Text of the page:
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Syrian troops take back key Damascus suburb, Daraya

The day after rebel forces took a key air base in northwest Syria, the Syrian army announced their control of Daraya, a suburb of Damascus. Each side seems to be alternatively making advances and losing ground, with little progress overall in the Syrian conflict.

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State-run Syrian TV reported Saturday that the army repelled rebels who attacked Kishek airport in Aleppo and inflicted casualties among the attackers. It gave no further details.

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The Observatory reported Saturday that warplanes carried out air raids around the international airport of Aleppo in an attempt to push back the rebels attacking it.

The Observatory and the Local Coordination Committees, another activist group, said troops and rebels clashed in the southern town of Busra al-Harir in the Daraa province where the uprising against Assad's regime began nearly two years ago.

The violence came a day after a meeting on Syria's conflict in Geneva in which international envoy Lakhdar Brahimi said that he doesn't expect a political solution to emerge anytime soon. Russian Deputy Foreign Minister Mikhail Bogdanov and U.S. Deputy Secretary of State William Burns took part in the talks along with Brahimi, and the U.N. envoy said he felt that Russia was as determined as Washington to end the violence.

In Moscow, the Russian Foreign Ministry said Saturday it is still strongly against any foreign interference in the war-torn country's affairs. "As before, we strongly believe that all the issues concerning Syria's future must be decided by the Syrians themselves, without outside interference or the imposition of ready-made recipes for development," the statement said.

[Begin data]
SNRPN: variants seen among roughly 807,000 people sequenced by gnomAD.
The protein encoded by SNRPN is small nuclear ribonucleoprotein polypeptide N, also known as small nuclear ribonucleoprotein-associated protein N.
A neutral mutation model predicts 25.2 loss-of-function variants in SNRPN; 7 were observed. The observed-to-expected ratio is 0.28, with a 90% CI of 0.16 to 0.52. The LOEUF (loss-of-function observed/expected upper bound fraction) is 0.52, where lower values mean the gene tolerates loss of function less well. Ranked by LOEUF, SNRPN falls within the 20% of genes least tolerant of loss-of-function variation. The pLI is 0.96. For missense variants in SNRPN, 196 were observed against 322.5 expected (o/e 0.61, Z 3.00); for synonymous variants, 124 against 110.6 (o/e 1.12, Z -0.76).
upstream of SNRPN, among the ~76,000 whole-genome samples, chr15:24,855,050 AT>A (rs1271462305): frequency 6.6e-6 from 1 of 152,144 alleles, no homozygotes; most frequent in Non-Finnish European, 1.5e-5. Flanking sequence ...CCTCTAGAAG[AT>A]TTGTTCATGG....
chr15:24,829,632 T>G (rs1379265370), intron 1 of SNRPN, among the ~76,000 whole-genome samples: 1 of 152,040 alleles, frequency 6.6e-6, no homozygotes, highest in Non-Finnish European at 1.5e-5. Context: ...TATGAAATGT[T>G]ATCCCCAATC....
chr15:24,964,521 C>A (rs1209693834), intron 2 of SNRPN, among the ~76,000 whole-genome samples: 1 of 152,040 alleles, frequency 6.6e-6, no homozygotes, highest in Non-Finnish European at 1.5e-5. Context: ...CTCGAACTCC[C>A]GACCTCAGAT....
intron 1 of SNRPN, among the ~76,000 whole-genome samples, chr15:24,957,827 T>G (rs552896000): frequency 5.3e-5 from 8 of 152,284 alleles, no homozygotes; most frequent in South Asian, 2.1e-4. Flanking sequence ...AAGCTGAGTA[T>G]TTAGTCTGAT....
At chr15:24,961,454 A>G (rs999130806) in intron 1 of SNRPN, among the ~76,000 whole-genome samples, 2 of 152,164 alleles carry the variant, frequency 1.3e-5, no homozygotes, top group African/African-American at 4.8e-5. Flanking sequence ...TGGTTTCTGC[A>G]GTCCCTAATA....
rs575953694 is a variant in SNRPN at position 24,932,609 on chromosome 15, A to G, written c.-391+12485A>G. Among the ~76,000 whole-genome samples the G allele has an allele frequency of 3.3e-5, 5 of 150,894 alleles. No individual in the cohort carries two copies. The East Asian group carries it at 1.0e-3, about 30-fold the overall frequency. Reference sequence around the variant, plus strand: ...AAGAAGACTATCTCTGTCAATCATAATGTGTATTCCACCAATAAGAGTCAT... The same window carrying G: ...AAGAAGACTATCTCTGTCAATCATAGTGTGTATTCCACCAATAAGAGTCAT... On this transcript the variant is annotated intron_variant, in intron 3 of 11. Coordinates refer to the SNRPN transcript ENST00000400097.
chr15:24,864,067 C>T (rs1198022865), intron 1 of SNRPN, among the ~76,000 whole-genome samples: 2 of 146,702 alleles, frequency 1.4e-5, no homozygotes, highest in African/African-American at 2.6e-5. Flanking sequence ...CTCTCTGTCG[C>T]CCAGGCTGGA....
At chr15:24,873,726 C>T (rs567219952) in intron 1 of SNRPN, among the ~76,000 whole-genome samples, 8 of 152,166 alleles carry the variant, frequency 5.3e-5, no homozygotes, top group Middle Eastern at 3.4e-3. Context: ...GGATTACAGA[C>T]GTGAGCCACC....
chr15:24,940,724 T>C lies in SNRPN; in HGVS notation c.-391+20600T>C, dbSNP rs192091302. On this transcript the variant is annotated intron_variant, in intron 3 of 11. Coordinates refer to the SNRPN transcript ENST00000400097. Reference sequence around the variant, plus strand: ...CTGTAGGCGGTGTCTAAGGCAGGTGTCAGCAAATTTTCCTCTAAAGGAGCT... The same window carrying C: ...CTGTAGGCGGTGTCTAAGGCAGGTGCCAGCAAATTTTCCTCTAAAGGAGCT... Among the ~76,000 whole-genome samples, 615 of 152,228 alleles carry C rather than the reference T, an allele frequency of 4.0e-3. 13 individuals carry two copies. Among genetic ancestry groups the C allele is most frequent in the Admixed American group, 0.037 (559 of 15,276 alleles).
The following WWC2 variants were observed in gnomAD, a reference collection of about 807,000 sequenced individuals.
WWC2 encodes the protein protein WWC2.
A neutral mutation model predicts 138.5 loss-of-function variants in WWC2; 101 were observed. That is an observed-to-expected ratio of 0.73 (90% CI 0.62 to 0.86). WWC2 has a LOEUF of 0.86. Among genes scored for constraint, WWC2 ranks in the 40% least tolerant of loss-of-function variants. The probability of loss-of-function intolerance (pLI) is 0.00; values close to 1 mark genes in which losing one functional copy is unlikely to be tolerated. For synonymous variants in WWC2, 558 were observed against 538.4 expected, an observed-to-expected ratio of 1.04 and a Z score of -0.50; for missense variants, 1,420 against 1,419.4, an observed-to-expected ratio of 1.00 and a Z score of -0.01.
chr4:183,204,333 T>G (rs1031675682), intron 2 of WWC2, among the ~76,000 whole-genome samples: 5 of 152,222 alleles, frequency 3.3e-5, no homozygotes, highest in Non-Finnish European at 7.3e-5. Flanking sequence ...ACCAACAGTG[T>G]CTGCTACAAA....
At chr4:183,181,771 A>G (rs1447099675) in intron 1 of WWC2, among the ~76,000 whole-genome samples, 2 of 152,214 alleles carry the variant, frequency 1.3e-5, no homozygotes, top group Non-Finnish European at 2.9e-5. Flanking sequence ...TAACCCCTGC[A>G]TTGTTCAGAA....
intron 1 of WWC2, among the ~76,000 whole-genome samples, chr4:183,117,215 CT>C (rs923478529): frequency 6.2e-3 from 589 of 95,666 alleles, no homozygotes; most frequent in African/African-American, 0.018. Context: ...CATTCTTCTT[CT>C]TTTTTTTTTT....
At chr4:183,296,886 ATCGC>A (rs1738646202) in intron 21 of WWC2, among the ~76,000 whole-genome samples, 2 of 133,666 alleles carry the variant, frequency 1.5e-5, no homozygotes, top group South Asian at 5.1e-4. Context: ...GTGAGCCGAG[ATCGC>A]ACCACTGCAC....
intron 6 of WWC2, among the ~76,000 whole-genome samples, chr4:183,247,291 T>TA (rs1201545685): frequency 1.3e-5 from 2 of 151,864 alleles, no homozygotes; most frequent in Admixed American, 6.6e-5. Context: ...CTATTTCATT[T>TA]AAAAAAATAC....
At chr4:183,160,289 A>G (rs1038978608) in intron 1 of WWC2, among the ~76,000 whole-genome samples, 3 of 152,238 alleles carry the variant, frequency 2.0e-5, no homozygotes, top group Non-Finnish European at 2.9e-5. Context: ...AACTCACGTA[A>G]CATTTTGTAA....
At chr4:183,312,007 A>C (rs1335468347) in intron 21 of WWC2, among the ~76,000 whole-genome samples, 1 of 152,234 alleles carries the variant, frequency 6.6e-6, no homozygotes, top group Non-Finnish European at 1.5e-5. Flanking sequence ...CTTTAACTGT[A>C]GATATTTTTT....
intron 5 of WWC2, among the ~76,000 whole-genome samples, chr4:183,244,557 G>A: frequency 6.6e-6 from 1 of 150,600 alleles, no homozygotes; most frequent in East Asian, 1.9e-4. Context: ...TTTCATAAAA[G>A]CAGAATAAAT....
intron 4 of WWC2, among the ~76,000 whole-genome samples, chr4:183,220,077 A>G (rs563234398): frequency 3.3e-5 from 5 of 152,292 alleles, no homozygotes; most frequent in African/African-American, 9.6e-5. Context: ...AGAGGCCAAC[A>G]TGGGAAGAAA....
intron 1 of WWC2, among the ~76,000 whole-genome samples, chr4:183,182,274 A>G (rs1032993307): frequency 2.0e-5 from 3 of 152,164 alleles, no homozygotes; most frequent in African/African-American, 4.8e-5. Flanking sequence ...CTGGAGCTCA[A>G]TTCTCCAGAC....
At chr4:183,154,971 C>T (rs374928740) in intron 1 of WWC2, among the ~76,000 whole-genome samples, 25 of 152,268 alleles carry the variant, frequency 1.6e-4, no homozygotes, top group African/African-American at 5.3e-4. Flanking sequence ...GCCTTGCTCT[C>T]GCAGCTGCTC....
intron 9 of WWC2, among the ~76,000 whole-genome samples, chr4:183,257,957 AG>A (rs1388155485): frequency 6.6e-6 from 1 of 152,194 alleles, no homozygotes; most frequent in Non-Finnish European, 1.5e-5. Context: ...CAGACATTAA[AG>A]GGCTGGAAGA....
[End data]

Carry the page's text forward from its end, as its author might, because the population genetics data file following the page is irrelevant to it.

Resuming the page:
Also Saturday, Qatar reiterated its proposals to send an Arab peacekeeping force to Syria. Qatar's Prime Minister Hamad Bin Jassem Al Thani told Al-Jazeera TV that Arabs should think seriously about sending troops to maintain security in Syria if diplomacy fails to resolve the crisis.

Hamad said that such a move would not constitute military intervention and would not be intended to help one side against the other, rather to help "stop the bloodbath in Syria."

The Qatari prime minister, who is one of Assad's harshest critics, said that any solution that does not include a change in who holds power will not stop the bloodbath in Syria. "We support the direction of the opposition and the Syrian people to liberate themselves from this regime," he said, meaning that Assad must step down.

The issue of whether Assad should step down is one of the key obstacles to any peace settlement. The rebels oppose any transition that does not remove him from power, while the regime would oppose any transition that does.

Mroue reported from Beirut. Associated Press writers Nataliya Vasilyeva in Moscow and Abdullah Rebhy in Doha, Qatar contributed to this report.

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